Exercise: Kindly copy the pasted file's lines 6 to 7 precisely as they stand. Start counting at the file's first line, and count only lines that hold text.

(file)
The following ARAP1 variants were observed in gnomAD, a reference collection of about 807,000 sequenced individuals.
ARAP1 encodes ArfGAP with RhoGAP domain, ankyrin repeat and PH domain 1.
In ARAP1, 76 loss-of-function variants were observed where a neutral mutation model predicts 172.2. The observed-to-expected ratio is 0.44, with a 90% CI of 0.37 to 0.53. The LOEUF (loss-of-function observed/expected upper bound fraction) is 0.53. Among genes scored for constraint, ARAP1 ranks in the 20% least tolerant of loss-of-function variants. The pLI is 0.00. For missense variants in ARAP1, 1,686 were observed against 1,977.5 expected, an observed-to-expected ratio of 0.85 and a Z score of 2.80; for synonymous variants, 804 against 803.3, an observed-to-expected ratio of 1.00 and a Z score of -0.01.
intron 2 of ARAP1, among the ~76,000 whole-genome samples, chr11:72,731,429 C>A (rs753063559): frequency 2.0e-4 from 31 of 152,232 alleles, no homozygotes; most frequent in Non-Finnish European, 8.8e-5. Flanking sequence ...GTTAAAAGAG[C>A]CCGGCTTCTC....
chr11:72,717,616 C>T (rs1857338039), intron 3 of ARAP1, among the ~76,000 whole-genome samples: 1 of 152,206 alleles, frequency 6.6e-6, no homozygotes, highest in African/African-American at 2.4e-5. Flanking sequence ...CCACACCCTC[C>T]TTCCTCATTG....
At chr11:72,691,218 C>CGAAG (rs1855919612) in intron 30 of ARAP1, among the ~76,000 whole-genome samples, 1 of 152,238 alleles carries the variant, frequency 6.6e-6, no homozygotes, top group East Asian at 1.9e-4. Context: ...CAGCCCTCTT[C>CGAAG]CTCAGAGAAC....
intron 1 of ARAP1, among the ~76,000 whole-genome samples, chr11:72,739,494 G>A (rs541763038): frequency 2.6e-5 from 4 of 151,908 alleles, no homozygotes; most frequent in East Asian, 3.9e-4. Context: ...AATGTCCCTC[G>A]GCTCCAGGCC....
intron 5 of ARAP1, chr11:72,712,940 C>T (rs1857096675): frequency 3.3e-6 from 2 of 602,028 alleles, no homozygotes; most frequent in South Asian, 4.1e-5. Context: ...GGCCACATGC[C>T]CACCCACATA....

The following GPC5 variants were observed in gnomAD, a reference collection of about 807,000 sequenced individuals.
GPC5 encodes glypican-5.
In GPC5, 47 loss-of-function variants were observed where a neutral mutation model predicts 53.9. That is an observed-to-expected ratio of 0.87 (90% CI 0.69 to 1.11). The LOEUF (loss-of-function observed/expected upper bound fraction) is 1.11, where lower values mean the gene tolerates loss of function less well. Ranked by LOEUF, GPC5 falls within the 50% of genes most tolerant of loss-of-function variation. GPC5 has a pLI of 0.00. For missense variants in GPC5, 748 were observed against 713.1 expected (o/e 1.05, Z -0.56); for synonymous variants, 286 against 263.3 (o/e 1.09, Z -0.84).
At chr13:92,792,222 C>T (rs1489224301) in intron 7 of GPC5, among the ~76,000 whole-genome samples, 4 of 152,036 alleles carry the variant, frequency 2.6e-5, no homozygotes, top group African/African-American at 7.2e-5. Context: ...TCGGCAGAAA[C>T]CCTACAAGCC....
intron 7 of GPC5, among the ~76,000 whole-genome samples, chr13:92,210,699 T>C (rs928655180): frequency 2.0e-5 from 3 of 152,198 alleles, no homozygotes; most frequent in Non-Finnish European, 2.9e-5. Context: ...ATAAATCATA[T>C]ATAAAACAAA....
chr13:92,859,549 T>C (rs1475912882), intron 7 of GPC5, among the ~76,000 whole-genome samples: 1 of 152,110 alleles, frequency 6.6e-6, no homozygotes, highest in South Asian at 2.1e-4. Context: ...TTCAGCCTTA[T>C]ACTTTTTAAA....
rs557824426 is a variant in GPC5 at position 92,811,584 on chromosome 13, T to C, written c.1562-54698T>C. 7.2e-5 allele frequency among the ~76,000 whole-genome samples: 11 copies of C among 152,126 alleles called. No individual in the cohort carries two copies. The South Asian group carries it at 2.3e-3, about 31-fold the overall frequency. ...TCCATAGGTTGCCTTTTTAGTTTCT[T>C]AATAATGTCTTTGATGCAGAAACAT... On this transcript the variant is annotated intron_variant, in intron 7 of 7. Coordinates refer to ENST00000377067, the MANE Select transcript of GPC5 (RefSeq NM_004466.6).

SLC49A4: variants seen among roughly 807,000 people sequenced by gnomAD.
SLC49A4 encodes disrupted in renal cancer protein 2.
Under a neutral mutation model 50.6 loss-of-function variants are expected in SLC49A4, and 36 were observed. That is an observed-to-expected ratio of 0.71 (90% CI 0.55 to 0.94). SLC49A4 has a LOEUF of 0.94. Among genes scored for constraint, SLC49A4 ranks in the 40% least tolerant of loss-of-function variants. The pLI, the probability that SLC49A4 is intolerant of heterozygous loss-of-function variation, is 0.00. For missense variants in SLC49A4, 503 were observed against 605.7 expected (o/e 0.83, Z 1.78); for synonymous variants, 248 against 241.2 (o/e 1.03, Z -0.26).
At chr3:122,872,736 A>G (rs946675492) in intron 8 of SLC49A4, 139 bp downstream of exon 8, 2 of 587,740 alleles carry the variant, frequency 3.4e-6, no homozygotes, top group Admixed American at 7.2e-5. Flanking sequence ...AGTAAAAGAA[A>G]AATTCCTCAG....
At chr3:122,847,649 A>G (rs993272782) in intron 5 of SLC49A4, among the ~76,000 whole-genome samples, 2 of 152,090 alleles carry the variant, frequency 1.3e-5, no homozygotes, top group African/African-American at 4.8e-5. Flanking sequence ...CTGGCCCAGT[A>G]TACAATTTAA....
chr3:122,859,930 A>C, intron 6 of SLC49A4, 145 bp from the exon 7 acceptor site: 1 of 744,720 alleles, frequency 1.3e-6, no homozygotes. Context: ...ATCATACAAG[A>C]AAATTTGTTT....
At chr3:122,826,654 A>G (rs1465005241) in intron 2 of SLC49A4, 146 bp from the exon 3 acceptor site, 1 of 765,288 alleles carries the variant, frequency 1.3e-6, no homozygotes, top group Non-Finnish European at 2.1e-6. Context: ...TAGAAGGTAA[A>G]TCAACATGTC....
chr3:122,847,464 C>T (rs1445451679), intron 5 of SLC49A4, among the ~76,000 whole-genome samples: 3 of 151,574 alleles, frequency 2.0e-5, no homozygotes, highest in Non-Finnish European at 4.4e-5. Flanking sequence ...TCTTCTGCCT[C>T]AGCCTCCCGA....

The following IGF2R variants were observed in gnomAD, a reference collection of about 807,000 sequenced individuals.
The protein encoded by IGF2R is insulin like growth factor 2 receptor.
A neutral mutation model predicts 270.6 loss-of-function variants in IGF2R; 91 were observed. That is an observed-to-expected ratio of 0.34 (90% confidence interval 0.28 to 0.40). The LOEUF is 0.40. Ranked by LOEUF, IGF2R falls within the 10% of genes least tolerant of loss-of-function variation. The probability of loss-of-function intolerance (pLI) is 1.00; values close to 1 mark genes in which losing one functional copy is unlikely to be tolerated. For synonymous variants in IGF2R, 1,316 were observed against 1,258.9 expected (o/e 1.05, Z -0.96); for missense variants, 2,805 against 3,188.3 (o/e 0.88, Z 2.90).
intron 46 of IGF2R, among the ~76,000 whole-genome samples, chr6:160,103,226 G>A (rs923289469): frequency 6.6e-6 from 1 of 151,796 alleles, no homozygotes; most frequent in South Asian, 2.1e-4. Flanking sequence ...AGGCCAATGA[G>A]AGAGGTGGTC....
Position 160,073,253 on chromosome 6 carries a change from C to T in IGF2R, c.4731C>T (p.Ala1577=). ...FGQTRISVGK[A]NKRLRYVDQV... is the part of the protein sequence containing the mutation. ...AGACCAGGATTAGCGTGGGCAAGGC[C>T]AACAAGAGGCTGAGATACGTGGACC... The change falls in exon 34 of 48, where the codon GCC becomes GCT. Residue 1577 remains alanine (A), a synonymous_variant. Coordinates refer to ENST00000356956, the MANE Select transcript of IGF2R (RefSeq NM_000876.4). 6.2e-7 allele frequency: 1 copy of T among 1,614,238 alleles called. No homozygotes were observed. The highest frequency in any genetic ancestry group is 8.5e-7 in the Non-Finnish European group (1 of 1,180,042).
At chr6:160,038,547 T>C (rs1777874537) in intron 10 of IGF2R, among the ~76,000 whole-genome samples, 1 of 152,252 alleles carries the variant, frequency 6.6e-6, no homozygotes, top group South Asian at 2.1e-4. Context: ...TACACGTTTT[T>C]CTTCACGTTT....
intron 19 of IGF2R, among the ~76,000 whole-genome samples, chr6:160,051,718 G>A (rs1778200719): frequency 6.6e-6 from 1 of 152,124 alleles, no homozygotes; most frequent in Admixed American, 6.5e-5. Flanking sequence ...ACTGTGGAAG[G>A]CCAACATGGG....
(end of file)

At chr11:72,691,218 C>CGAAG (rs1855919612) in intron 30 of ARAP1, among the ~76,000 whole-genome samples, 1 of 152,238 alleles carries the variant, frequency 6.6e-6, no homozygotes, top group East Asian at 1.9e-4. Context: ...CAGCCCTCTT[C>CGAAG]CTCAGAGAAC....
intron 1 of ARAP1, among the ~76,000 whole-genome samples, chr11:72,739,494 G>A (rs541763038): frequency 2.6e-5 from 4 of 151,908 alleles, no homozygotes; most frequent in East Asian, 3.9e-4. Context: ...AATGTCCCTC[G>A]GCTCCAGGCC....